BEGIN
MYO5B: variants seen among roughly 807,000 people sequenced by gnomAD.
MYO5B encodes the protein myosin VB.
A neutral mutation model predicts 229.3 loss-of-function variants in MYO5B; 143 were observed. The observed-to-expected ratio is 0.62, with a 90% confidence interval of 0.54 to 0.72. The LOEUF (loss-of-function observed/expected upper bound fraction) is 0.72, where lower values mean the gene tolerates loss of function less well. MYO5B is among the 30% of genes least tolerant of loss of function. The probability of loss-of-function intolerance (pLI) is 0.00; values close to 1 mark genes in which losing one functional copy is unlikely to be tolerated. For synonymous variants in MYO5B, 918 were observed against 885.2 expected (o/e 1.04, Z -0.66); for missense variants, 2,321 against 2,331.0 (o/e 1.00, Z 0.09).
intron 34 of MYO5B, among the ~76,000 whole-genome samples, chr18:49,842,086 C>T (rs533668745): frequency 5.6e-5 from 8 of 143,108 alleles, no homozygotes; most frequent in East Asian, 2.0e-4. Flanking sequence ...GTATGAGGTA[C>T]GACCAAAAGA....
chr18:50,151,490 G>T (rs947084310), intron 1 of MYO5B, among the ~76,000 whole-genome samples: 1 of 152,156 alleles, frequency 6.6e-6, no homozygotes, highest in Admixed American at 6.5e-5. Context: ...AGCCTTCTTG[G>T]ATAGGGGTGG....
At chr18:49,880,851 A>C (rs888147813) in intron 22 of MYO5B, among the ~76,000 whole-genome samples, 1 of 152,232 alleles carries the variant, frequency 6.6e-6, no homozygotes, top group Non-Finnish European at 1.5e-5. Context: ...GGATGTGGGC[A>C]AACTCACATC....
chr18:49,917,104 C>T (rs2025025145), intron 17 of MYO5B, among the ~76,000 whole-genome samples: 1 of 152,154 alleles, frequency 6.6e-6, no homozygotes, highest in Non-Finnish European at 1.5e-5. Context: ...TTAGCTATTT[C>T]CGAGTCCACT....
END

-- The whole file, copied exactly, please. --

MYO5B: variants seen among roughly 807,000 people sequenced by gnomAD.
MYO5B encodes the protein myosin VB.
A neutral mutation model predicts 229.3 loss-of-function variants in MYO5B; 143 were observed. The observed-to-expected ratio is 0.62, with a 90% confidence interval of 0.54 to 0.72. The LOEUF (loss-of-function observed/expected upper bound fraction) is 0.72, where lower values mean the gene tolerates loss of function less well. MYO5B is among the 30% of genes least tolerant of loss of function. The probability of loss-of-function intolerance (pLI) is 0.00; values close to 1 mark genes in which losing one functional copy is unlikely to be tolerated. For synonymous variants in MYO5B, 918 were observed against 885.2 expected (o/e 1.04, Z -0.66); for missense variants, 2,321 against 2,331.0 (o/e 1.00, Z 0.09).
intron 34 of MYO5B, among the ~76,000 whole-genome samples, chr18:49,842,086 C>T (rs533668745): frequency 5.6e-5 from 8 of 143,108 alleles, no homozygotes; most frequent in East Asian, 2.0e-4. Flanking sequence ...GTATGAGGTA[C>T]GACCAAAAGA....
chr18:50,151,490 G>T (rs947084310), intron 1 of MYO5B, among the ~76,000 whole-genome samples: 1 of 152,156 alleles, frequency 6.6e-6, no homozygotes, highest in Admixed American at 6.5e-5. Context: ...AGCCTTCTTG[G>T]ATAGGGGTGG....
At chr18:49,880,851 A>C (rs888147813) in intron 22 of MYO5B, among the ~76,000 whole-genome samples, 1 of 152,232 alleles carries the variant, frequency 6.6e-6, no homozygotes, top group Non-Finnish European at 1.5e-5. Context: ...GGATGTGGGC[A>C]AACTCACATC....
chr18:49,917,104 C>T (rs2025025145), intron 17 of MYO5B, among the ~76,000 whole-genome samples: 1 of 152,154 alleles, frequency 6.6e-6, no homozygotes, highest in Non-Finnish European at 1.5e-5. Context: ...TTAGCTATTT[C>T]CGAGTCCACT....